C.   whereas the total number of animals used for experimental and other scientific purposes in 2005 in the Member States was approximately 12 million(6) and a significant percentage of these animals were used for regulatory testing,

D.   whereas the protocol on protection and welfare of animals annexed to the Treaty of Amsterdam provides that in formulating and implementing the Community's agriculture, transport, internal market and research policies, the Community and the Member States shall pay full regard to the welfare requirements of animals, while respecting the legislative or administrative provisions and customs of the Member States relating in particular to religious rites, cultural traditions and regional heritage,

E.   whereas the REACH Regulation lays down that, in order to avoid animal testing, testing on vertebrate animals for the purposes of the Regulation shall be undertaken only as a last resort, and that, in particular for human toxicity, information shall be generated whenever possible by means other than vertebrate animal tests, through the use of alternative methods, for example in vitro methods or qualitative or quantitative structure-activity relationship models or from information from structurally related substances (grouping or read-across),

F.   whereas Council Directive 86/609/EEC of 24 November 1986 on the approximation of laws, regulations and administrative provisions of the Member States regarding the protection of animals used for experimental and other scientific purposes(7) stipulates that an experiment on animals shall not be performed if another scientifically satisfactory method of obtaining the result sought, not entailing the use of an animal, is reasonably and practicably available and that, in a choice between experiments, those which use the minimum number of animals, involve animals with the lowest degree of neurophysiological sensitivity, cause the least pain, suffering, distress or lasting harm and are most likely to provide satisfactory results shall be selected,

G.   whereas the European Centre for the Validation of Alternative Methods (ECVAM) validated a number of alternative methods in 2006/2007(8) which are, however, not included in the draft Commission Regulation,

H.   whereas the draft Commission Regulation furthermore contains one animal testing method which is obsolete, as the same draft Regulation also contains an alternative method for the same endpoint,

I.   whereas the Commission justifies the non-inclusion of the validated alternative tests by stating that they have not yet been approved for regulatory purposes,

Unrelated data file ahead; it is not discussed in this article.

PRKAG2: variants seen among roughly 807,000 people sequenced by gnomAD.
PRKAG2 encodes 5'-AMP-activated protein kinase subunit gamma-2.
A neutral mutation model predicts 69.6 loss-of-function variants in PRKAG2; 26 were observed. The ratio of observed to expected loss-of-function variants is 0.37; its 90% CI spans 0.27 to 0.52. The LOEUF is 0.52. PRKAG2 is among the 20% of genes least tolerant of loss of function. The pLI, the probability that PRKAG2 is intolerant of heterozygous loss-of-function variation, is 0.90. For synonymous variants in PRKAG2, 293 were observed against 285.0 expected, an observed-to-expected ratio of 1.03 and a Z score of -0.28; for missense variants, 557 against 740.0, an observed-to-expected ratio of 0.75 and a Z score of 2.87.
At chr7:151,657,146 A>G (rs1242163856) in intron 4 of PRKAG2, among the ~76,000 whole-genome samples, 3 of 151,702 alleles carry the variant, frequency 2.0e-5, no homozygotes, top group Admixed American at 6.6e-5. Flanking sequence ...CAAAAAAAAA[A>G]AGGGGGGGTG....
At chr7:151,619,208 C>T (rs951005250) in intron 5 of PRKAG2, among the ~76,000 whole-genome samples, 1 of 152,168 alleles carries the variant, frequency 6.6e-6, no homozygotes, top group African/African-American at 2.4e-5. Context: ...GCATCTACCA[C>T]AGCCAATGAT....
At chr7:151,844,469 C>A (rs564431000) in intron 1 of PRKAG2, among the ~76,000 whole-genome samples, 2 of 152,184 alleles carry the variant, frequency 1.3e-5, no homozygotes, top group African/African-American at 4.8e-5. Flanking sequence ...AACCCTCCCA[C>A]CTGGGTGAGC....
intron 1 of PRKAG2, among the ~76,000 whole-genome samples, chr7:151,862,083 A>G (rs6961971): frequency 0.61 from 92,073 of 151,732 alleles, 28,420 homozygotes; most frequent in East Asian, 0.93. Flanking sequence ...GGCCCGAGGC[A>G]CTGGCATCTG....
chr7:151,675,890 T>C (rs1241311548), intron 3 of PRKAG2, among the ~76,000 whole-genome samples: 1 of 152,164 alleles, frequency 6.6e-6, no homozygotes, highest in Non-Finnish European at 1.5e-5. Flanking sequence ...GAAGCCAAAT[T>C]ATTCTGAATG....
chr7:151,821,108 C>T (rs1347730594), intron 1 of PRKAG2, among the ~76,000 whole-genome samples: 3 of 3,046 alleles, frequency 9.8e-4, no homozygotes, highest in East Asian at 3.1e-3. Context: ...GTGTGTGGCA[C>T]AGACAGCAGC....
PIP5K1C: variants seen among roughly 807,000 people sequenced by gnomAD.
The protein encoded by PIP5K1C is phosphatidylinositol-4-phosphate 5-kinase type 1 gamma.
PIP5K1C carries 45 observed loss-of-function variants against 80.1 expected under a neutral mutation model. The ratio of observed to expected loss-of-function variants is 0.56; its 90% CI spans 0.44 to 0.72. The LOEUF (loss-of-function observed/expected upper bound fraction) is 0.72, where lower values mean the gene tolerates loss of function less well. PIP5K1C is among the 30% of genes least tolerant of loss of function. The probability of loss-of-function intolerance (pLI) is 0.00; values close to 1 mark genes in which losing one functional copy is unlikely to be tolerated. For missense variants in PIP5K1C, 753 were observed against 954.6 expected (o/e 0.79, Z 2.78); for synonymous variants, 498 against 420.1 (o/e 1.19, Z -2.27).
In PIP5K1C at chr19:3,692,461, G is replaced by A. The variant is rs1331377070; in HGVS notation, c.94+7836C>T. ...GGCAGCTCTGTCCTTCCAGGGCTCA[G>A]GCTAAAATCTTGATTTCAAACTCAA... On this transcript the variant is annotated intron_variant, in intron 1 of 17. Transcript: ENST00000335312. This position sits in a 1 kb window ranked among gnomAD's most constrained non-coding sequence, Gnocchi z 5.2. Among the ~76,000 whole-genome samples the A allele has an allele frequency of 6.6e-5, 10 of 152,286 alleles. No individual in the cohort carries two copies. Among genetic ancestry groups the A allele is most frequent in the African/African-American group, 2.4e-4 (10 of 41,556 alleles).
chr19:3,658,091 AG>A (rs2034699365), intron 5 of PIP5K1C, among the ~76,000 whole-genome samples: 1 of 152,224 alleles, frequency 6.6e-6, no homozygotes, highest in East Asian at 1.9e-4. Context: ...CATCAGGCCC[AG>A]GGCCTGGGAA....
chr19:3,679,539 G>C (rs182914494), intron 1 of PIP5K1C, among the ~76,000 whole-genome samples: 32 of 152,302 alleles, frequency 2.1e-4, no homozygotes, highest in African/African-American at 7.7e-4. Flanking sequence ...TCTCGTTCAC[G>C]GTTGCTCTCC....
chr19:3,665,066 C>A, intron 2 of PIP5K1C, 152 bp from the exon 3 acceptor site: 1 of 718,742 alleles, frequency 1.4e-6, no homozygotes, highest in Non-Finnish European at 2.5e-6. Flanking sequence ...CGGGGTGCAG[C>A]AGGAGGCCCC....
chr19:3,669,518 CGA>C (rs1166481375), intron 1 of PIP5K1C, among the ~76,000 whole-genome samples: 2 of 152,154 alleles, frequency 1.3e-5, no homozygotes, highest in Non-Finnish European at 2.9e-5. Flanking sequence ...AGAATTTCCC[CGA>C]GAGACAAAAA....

J.   whereas the Commission defers to the OECD with regard to the regulatory acceptance procedure for three of the five tests,

K.   whereas the development and publication of an OECD Test Guideline (TG) generally takes a minimum of 3 years, as the relevant institutional bodies meet only once a year, and OECD TGs are not always implemented in the same manner by all OECD Member States,

L.   whereas the Commission has made it clear that it always tries to proceed first within the OECD framework; whereas this is contrary to EU legislation and the spirit of the cosmetics directive 76/768/EEC, which gives priority to the EU process,

M.   whereas the predetermined priority for the OECD process of regulatory approval entails at best lengthy delays, and may even prevent an alternative method from being put into practice,

N.   whereas there do not seem to be sufficient rules for an efficient preliminary analysis of regulatory relevance before ECVAM scientifically validates an alternative test,

O.   whereas the basic concepts of validation and legal acceptance are not used in a uniform manner at national, Community and international level and EU legislation does not provide any definition of 'validation' (or criteria for validators) or 'regulatory (or legal) acceptance'(9),

P.   whereas Commission Communication SEC(1991)1794 provides ECVAM only with a relatively weak mandate to validate alternative methods, although ECVAM has delivered highly appreciated and valuable output in recent years,

Q.   whereas validation is also carried out by other national and international bodies and, therefore, the need for formal validation and a type of validation/assessment appropriate for each sector/purpose should be assessed and clarified(10),